November/December  2006 




Hold your hand above the wrist. ‘Pump’ your working hand up pressing the palm toward the forearm.
Ikkyo: Step One
Ikkyo: Step Two

Gently stretch back the fingers and palm of your working hand with the palm facing up then outward (not beyond your comfort range). Make an arch out and down, as if stretching over a large ball.
Sankyo: Step One
Sankyo: Step Two

Stretch both arms in front of you with one thumb pointing up and one thumb pointing down. Grab the hand with the thumb down and pull it in, twisting the fingers slightly upward.
Nikyo, Sankyo: Step One
Nikyo, Sankyo: Step Two

Hold your working hand up, hand blade facing your nose. Place your other hand around the back of the working hand with your fingers wrapped around the lower working thumb and the other thumb between the last set of knuckles (under the pinky and ring finger.). Gently lower the working hand pressing your thumb against the base of the pinky.
Kote Gaeshi: Step One
Kote Gaeshi: Step Two

“Energy circulation is similar to any (physical) circulation”, Newens explained. “When it’s blocked we experience physical problems.” According to Newens, this blocked energy hardens the tissue. “Moving and stretching opens and pumps the energy gates.”

With repetitive joint strain a central issue in many professions, a technique taught to massage therapists can be a lifesaver for everyone from editors and bank staff to mail handlers and martial arts aficionados, not to mention fans of computer games. Keesha Standley, C. M. T. and instructor at the Massage Therapy Institute of Davis, CA, teaches her beginning students a series of four important stretching exercises for the hands and wrists designed to prepare them for a day of practice. The purpose of warming up the joints is, of course, to increase flexibility and to reduce the chance of injury, especially from repetitive motion.

When I asked Standley where she gathered her short but extremely effective exercise regime, she arranged for me to meet her friend and teacher Sensei Howard Hoa Newens, chief instructor and co-owner of the Aikido Institute of Davis. Standley and her husband are regulars at the dojo, located close to the downtown area of this pretty university town.

Newens explained the background and purposes of the four wrist exercises to me, using both his and my wrists to demonstrate. “(They) stretch the four different directions of the wrist,” he explains, showing me that, with each exercise, one side of the wrist joint is opened, the other squeezed. He goes on to explain that the cartilage within the joint is like a sponge, and with immobility or abuse, the sponge gets dirty. Like any dirty sponge, you need to clean it by repeatedly soaking and squeezing it. “(These exercises) have a cleansing effect on the joint. They move the toxins out.” Newens also explains how they help with lymphatic drainage. “The lymphatic system doesn’t have a pump like the pulmonary system. These stretches help the lymphatic system to circulate.”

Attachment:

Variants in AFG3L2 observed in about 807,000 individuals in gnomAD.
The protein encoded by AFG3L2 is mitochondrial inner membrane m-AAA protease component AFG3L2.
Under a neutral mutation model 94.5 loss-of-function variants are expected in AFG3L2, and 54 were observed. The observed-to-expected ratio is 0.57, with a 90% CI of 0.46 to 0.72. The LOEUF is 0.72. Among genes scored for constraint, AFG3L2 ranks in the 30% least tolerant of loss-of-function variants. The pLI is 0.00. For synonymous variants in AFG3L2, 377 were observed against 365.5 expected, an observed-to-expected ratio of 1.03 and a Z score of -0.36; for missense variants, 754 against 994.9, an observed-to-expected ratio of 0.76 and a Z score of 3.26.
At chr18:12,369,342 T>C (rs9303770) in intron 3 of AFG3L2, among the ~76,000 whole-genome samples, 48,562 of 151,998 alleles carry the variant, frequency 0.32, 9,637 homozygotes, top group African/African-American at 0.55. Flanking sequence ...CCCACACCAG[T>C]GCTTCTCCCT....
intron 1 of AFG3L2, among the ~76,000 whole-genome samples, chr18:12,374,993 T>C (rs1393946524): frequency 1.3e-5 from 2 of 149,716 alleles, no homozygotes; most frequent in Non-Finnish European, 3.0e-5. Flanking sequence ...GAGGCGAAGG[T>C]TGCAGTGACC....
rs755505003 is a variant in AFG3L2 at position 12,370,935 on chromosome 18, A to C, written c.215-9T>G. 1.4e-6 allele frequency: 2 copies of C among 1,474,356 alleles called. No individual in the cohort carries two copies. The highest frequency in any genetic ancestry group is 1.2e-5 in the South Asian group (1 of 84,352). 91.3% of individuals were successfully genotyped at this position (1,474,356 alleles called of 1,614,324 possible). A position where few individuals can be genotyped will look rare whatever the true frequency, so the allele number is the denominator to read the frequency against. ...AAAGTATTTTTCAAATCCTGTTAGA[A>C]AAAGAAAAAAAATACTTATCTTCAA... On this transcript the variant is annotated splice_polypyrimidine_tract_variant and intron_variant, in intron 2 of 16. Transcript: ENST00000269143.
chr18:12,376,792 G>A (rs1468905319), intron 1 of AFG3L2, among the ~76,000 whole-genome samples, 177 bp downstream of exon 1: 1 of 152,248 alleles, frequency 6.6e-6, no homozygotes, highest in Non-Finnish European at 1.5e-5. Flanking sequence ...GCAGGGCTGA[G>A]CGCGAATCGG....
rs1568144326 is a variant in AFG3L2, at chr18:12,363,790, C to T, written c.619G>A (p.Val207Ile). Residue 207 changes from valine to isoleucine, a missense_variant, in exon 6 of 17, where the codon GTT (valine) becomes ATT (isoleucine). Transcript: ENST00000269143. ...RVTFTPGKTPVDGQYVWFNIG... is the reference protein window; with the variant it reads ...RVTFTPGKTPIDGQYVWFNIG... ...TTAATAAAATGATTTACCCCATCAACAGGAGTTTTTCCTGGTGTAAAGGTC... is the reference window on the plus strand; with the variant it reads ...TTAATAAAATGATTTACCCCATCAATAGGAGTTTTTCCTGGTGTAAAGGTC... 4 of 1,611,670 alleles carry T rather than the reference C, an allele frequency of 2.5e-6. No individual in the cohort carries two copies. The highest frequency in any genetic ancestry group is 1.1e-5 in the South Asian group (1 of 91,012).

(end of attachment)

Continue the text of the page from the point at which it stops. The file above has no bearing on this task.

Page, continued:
In addition to the physical aspects of health, Newens explains how these stretches move energy around the body. “There are two dimensions to this stretching; the physical dimension and the energetic dimension. In the Chi Gong system (of Chinese medicine), the energy body is superimposed on the physical body. The energy body has a grid. That grid is called the booster station, or energy gates, which are located most often near the joints. When we close and open a joint it is tantamount to closing and opening the energy gates.

“Energy circulation is similar to any (physical) circulation”, Newens explained. “When it’s blocked we experience physical problems.” According to Newens, this blocked energy hardens the tissue. “Moving and stretching opens and pumps the energy gates.”

Why is the wrist so important? “Around the wrist there are a lot of energy gates – eleven of them!” Newens points to four on the front of my wrist, four on the back, two on each side, and one dead center below where the ‘pads’ meet below the palm. The last point is exactly where a friend of mine developed a little swollen disk from carpal tunnel. Wouldn’t you know: stretching exercises made the disk go away!

Newens commented, “The four exercises belong to four Aikido techniques: Ikkyo, Nikyo, Sankyo, and Kote Gaeshi. But don’t feel it’s necessary to be a sensei to use them. “These are warm-up exercises for Aikido, but they can be used by anyone who needs to work their joints.”

My personal opinion regarding their applicability: Does anyone out there NOT use a computer?!

PLEASE NOTE: As with all exercises, never extend your muscles beyond a comfortable range of motion, and always check with a doctor or physical therapist before starting any exercise regime.




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